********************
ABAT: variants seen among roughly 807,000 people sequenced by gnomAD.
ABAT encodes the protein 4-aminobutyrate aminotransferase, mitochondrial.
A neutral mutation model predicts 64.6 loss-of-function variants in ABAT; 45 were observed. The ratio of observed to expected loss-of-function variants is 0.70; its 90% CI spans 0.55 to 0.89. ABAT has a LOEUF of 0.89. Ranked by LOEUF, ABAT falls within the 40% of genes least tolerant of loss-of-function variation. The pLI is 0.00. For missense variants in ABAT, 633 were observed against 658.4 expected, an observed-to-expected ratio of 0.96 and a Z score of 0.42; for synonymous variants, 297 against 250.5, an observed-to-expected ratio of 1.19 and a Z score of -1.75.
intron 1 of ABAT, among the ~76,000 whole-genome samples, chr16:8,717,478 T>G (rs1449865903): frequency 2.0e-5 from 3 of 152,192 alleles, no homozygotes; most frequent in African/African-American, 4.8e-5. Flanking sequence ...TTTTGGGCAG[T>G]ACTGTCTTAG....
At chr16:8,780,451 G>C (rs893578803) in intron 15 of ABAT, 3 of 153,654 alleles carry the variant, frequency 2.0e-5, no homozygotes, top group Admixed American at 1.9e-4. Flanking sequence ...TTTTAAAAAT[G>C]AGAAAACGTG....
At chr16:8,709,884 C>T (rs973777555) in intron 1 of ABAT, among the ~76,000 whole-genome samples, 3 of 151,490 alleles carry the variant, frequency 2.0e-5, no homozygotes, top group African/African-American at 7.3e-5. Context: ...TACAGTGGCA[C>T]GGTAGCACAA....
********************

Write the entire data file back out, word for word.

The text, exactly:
ABAT: variants seen among roughly 807,000 people sequenced by gnomAD.
ABAT encodes the protein 4-aminobutyrate aminotransferase, mitochondrial.
A neutral mutation model predicts 64.6 loss-of-function variants in ABAT; 45 were observed. The ratio of observed to expected loss-of-function variants is 0.70; its 90% CI spans 0.55 to 0.89. ABAT has a LOEUF of 0.89. Ranked by LOEUF, ABAT falls within the 40% of genes least tolerant of loss-of-function variation. The pLI is 0.00. For missense variants in ABAT, 633 were observed against 658.4 expected, an observed-to-expected ratio of 0.96 and a Z score of 0.42; for synonymous variants, 297 against 250.5, an observed-to-expected ratio of 1.19 and a Z score of -1.75.
intron 1 of ABAT, among the ~76,000 whole-genome samples, chr16:8,717,478 T>G (rs1449865903): frequency 2.0e-5 from 3 of 152,192 alleles, no homozygotes; most frequent in African/African-American, 4.8e-5. Flanking sequence ...TTTTGGGCAG[T>G]ACTGTCTTAG....
At chr16:8,780,451 G>C (rs893578803) in intron 15 of ABAT, 3 of 153,654 alleles carry the variant, frequency 2.0e-5, no homozygotes, top group Admixed American at 1.9e-4. Flanking sequence ...TTTTAAAAAT[G>C]AGAAAACGTG....
At chr16:8,709,884 C>T (rs973777555) in intron 1 of ABAT, among the ~76,000 whole-genome samples, 3 of 151,490 alleles carry the variant, frequency 2.0e-5, no homozygotes, top group African/African-American at 7.3e-5. Context: ...TACAGTGGCA[C>T]GGTAGCACAA....